The Canadian Genealogy Centre [http://cgc-ccg.archives.ca] is under development as a joint, 3-year effort by the Library and Archives of Canada (the new name for an amalgamation of the National Archives of Canada and the National Library of Canada). The National Archives of Canada's GenealogyResearch [http://www.archives.ca/02/020202_e.html] and the National Library of Canada's Genealogy and Family History at the National Library of Canada [http://www.nlc-bnc.ca/6/5/index-e.html] pages provide access to existing walk-in and online resources, including the digitized 1901 census schedules created by the National Archives of Canada, and its publication Tracing Your Ancestors in Canada[http://www.archives.ca/04/0420_e.html]. Preliminary details released in a June 2002 report by the National Library of Canada indicate that "an initial prototype of a Web site has been developed and will continue to be refined over the next few months. Eventually, single-portal access to online research tools and large bodies of authoritative content will be offered" 
[http://www.nlc-bnc.ca/10/5/a5-216-e.html]. The Canadian Genealogy Centre is coordinating a project to index the 1901 census through volunteers (Census of Canada, 1901, Helpful Hints) [http://www.archives.ca/02/020122/02012208_e.html]

Update on Canadian Crown Copyright

Canadian copyright law is much simpler than the United States'. There is only one piece of legislation at the federal level to deal with. Copyright duration is less (life of the author plus 50 years for literary works) than in the U.K. and the U.S. (increased respectively in 1996 and 1998 to life of the author plus 70 years). A constitutional challenge to the 1998 Sonny Bono Copyright Term Extension Act is before the Supreme Court (for current information see law professor Dennis S. Karjala's Opposing Copyright Extension [http://www.law.asu.edu/HomePages/
Karjala/OpposingCopyrightExtension/]
). The Canadian government intends to amend the Copyright Act, a process started in 2001, in order to harmonize it with developments in the U.S. relating to the protection of electronic or digital resources and to allow Canada to ratify the World Intellectual Property Organization (WIPO) copyright treaties.

Unlike the U.S., where works created by federal government employees, unless otherwise agreed to in writing, automatically fall into the public domain, Canada shares the concept of Crown or government copyright with the United Kingdom. The Library and Archives of Canada policy on copyright [http://www.archives.ca/02/0203_e.html], while not waiving Crown copyright, permits noncommercial use of material from its Web site so long as certain conditions are met. Essentially, this permits the transcription and creation of census databases by family historians or organizations as long as no fees are charged.

Acadian to Cajun

Like the U.S., Canada is home to an immigrant population and system of governance that displaced Native Americans on their land through conquest, disease, and treaty. The Canadian aboriginal population was not the only historic example in Canada, however, of a cultural group being forced from its homeland. French settlers in Acadia, Nova Scotia, were expelled by the British in the 1750s. Those who migrated to Louisiana, at that time under the control of Spain, are known today as Cajuns (a shortened form of Acadian). Tim Hebert's gateway for Acadians in the U.S. and Canada, Acadian-Cajun Genealogy & History [http://www.acadian-cajun.com/], contains details of this cultural metamorphosis. Hebert is creating and linking to transcriptions of all Acadian census records (1671-1752) compiled in Canada. Hebert's site will also link to many other Web resources about Acadian-Cajun history.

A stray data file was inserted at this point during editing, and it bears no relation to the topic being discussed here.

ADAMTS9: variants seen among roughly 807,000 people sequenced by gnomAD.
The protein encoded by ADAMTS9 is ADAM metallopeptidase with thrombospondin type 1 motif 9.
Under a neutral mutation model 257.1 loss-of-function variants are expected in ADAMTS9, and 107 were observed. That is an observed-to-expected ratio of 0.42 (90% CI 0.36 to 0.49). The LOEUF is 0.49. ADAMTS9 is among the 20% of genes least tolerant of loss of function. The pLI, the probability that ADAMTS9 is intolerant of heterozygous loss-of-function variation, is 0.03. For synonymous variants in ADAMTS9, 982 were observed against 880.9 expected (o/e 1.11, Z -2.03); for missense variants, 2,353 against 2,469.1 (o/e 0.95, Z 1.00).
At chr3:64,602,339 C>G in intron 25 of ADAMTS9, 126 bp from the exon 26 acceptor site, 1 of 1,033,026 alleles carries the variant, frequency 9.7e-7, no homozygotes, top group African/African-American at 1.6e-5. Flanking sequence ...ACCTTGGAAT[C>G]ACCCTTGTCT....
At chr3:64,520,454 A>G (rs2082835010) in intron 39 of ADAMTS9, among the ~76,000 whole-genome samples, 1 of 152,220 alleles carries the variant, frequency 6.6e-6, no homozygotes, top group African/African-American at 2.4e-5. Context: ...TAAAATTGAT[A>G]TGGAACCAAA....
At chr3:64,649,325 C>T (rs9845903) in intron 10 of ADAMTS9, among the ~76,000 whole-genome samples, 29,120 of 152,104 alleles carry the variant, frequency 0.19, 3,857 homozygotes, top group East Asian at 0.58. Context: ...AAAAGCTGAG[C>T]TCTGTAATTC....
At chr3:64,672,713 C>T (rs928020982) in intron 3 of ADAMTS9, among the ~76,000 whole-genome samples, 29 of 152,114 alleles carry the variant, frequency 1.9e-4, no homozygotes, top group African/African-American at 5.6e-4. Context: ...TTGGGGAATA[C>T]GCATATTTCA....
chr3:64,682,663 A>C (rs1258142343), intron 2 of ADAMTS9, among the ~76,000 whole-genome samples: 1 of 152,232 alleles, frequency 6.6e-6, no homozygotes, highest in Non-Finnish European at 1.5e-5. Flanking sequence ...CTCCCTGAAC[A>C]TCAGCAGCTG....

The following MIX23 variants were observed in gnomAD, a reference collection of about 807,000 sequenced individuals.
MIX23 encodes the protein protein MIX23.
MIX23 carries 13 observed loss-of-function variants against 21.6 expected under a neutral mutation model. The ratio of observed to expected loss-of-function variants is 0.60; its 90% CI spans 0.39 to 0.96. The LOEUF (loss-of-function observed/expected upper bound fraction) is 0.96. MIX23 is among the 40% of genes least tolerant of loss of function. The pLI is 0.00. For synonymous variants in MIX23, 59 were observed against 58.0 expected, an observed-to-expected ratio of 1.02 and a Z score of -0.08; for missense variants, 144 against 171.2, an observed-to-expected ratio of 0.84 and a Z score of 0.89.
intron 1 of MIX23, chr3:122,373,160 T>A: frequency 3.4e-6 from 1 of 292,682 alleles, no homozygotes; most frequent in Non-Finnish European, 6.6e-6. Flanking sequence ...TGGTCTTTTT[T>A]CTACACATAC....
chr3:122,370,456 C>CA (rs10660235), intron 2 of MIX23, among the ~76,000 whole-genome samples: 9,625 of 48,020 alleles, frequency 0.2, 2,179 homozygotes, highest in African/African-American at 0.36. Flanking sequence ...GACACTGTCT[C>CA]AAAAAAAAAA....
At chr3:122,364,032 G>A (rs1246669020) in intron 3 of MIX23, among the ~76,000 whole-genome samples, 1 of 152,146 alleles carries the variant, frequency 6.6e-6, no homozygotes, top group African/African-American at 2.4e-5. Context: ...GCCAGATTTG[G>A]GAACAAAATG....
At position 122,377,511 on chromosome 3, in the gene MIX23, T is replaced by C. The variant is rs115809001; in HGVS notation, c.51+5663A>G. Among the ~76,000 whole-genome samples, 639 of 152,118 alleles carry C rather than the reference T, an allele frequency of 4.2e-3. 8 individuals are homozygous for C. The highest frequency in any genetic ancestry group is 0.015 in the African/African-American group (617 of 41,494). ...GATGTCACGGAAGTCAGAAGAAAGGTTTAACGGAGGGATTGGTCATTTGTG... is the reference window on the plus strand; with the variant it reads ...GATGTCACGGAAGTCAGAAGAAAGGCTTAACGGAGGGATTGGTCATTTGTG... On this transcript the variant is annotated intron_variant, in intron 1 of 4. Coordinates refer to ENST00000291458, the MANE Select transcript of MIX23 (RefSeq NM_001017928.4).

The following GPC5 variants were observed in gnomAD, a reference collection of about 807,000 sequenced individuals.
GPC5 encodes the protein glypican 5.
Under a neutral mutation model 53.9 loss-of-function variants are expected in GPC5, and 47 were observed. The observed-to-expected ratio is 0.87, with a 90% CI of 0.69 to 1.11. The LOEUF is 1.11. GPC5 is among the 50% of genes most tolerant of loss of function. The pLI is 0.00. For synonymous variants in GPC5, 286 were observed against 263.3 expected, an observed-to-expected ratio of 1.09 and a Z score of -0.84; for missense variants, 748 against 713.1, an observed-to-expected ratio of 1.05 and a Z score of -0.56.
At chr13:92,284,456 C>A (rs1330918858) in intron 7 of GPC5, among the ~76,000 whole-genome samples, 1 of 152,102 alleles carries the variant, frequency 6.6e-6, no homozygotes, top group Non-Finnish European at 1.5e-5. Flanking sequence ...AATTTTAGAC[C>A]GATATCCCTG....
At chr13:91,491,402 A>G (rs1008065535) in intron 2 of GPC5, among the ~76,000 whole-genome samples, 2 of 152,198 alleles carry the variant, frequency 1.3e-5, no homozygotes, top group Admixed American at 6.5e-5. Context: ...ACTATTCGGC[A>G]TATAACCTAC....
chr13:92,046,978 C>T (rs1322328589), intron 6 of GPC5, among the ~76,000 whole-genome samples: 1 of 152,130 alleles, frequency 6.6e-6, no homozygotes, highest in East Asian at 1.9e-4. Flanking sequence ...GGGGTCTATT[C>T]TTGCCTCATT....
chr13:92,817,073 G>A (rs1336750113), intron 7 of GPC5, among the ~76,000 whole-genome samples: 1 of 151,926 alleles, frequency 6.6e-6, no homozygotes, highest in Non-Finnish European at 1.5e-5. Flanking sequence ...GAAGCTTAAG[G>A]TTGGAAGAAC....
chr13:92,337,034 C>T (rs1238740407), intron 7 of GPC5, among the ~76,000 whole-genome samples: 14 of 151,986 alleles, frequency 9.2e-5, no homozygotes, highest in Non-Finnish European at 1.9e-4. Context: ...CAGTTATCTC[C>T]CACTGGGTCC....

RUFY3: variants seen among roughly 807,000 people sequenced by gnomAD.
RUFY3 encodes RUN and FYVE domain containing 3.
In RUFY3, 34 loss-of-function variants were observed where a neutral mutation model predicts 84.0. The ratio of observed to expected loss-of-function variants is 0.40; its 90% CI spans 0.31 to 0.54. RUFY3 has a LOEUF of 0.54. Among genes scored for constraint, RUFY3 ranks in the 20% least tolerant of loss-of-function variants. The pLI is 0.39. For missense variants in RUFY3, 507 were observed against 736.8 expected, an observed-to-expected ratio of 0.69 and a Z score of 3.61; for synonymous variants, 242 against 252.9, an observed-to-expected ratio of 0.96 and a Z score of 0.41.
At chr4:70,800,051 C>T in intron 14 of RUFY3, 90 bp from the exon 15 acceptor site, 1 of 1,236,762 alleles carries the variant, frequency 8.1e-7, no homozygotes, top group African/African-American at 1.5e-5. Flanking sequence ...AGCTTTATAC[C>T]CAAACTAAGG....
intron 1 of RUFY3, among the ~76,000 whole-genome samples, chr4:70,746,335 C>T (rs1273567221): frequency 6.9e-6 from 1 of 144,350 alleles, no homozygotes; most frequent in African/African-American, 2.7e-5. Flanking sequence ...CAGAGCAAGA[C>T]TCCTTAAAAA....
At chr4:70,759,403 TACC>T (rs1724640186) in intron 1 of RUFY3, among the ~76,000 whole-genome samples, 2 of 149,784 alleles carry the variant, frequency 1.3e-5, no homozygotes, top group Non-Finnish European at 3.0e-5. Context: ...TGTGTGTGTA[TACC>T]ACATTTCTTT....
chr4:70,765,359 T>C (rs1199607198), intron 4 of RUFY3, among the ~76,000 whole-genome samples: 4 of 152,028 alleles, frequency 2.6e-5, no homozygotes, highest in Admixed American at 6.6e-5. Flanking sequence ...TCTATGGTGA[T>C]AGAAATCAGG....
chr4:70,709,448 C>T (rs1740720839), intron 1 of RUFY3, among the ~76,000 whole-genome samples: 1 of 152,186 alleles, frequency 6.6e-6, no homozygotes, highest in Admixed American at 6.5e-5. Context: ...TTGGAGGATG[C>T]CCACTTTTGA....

More Census and Statistics Software and Resources from Canada and Beyond

A Canadian company, Beyond 20/20 Inc. [http://www.ivation.com/], founded in 1987 as Ivation Datasystems Inc., markets and provides consulting services for its software Beyond 20/20. According to its Web site, many statistical agencies around the world use its services and software to disseminate census and other kinds of numeric data. 

One important piece of census software that did not get mentioned in part 1 of my article or Miriam A. Drake's article, "The U.S. Census Bureau in the 21st Century" (Searcher, June 2002), is the Census Bureau's CSPro (Census and Survey Processing System) [http://www.census.gov/ipc/www/cspro/index.html]. This multilingual, public domain software, jointly developed by the Bureau and international corporate partners, will replace two older Census Bureau programs, IMPS and ISSA. Currently only available for the Windows platform, development of CSPro was funded by the U.S. Agency for International Development. The program provides features for data entry, editing, cross-tabulation, and data dissemination. CSPro relies on user-created data dictionaries, so while it will not solve the problem of garbage in, garbage out, it does provide a means for international projects to standardize on data input and distribution. A map viewer tool allows you to create semi-interactive thematic maps reflecting your data content. Map shapes can be imported from ESRI's ArcView GIS program.

If you need some assistance understanding the specialized terminology of social science data libraries, look no further than the Glossary of Social Science Computer and Social Science Data Terms [http://odwin.ucsd.edu/glossary/] at the University of California San Diego's Social Sciences and Humanities Library. 

 


David Mattison's e-mail address is David.Mattison@gems3.gov.bc.ca